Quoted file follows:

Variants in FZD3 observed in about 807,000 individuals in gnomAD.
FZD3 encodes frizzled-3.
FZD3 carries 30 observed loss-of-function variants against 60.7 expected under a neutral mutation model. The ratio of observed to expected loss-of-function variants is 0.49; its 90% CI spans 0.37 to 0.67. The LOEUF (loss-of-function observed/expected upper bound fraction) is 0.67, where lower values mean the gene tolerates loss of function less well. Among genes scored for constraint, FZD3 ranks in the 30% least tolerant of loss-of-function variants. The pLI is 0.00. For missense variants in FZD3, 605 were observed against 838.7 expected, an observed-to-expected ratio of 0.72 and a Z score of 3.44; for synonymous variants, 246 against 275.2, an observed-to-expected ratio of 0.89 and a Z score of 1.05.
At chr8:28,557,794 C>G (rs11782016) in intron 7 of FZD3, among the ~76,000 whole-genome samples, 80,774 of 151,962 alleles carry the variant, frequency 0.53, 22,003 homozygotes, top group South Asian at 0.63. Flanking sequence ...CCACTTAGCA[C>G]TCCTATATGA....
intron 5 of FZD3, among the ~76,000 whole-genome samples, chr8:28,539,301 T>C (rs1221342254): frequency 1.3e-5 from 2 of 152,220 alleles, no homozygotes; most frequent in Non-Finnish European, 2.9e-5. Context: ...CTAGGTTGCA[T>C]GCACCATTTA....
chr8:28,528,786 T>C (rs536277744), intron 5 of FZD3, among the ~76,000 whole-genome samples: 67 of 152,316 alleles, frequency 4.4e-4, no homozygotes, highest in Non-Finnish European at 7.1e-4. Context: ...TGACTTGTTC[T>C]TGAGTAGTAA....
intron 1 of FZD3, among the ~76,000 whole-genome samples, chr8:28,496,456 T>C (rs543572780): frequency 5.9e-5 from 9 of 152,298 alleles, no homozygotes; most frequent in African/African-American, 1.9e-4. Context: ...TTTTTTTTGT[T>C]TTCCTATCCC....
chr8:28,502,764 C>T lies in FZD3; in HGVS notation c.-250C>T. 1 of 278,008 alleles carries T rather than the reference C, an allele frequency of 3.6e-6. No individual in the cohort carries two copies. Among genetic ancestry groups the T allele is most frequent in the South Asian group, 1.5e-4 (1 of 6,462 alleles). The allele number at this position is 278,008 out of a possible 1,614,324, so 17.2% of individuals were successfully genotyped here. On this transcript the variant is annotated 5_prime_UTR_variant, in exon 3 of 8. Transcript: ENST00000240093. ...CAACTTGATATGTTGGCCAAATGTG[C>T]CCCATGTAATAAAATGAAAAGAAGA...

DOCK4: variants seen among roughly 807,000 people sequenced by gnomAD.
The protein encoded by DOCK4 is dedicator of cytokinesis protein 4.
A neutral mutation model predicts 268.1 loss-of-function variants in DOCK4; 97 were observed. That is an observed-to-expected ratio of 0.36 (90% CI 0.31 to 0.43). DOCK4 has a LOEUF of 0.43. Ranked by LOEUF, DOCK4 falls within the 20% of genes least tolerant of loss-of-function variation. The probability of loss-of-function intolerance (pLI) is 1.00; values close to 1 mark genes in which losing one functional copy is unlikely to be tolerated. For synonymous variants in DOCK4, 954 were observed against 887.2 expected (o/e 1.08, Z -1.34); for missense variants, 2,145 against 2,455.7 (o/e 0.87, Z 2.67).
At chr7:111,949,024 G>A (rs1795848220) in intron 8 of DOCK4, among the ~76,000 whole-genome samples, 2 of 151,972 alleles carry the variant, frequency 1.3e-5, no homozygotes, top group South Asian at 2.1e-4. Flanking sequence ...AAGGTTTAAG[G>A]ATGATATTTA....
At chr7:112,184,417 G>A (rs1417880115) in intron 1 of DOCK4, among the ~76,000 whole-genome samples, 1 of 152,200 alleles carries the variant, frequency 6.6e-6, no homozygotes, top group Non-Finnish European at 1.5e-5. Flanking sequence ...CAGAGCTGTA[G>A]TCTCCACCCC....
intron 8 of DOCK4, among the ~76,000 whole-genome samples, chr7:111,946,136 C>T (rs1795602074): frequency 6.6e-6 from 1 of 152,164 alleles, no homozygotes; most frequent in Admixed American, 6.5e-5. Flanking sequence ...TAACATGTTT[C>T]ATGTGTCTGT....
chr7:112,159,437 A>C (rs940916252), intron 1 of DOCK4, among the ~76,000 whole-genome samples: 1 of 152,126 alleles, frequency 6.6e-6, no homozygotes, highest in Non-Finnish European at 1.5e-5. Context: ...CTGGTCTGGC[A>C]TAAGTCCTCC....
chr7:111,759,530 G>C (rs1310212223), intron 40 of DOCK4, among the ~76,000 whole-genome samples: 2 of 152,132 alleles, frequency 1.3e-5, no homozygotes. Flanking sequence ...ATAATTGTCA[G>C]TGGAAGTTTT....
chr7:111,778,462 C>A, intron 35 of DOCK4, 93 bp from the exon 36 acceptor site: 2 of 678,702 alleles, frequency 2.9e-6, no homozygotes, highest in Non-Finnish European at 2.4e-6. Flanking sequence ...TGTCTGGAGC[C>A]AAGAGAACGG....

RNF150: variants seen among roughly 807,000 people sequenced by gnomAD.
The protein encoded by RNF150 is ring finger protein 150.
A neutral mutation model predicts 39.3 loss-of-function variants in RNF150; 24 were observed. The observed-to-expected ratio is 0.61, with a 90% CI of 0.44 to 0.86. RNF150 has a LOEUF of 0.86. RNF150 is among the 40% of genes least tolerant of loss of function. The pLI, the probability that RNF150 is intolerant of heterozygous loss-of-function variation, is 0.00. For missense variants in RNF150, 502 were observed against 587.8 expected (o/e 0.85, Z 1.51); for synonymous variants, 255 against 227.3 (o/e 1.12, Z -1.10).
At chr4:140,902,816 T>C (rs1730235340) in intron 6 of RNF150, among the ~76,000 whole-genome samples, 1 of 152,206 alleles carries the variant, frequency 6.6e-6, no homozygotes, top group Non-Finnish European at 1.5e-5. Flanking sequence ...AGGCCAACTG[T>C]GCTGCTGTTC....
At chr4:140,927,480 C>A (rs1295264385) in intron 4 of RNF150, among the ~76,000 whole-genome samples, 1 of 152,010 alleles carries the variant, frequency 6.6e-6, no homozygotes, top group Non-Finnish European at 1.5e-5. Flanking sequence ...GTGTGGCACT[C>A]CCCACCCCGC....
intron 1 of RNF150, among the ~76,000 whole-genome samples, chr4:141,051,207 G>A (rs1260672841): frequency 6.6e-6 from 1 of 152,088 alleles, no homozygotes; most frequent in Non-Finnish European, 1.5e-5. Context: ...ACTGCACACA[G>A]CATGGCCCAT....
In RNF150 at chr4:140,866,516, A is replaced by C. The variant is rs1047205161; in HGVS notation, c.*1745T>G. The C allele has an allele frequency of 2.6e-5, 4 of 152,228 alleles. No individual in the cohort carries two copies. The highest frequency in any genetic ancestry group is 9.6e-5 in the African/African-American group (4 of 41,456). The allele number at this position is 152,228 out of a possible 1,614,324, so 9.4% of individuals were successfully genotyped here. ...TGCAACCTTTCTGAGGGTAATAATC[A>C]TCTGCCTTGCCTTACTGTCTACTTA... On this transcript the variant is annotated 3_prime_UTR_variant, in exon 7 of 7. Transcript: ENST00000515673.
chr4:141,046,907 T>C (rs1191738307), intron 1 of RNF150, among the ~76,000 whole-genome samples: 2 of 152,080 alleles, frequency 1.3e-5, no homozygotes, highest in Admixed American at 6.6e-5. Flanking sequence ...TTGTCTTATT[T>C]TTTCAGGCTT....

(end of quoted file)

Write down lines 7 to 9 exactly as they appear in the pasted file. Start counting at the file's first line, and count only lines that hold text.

intron 1 of FZD3, among the ~76,000 whole-genome samples, chr8:28,496,456 T>C (rs543572780): frequency 5.9e-5 from 9 of 152,298 alleles, no homozygotes; most frequent in African/African-American, 1.9e-4. Context: ...TTTTTTTTGT[T>C]TTCCTATCCC....
chr8:28,502,764 C>T lies in FZD3; in HGVS notation c.-250C>T. 1 of 278,008 alleles carries T rather than the reference C, an allele frequency of 3.6e-6. No individual in the cohort carries two copies. Among genetic ancestry groups the T allele is most frequent in the South Asian group, 1.5e-4 (1 of 6,462 alleles). The allele number at this position is 278,008 out of a possible 1,614,324, so 17.2% of individuals were successfully genotyped here. On this transcript the variant is annotated 5_prime_UTR_variant, in exon 3 of 8. Transcript: ENST00000240093. ...CAACTTGATATGTTGGCCAAATGTG[C>T]CCCATGTAATAAAATGAAAAGAAGA...

DOCK4: variants seen among roughly 807,000 people sequenced by gnomAD.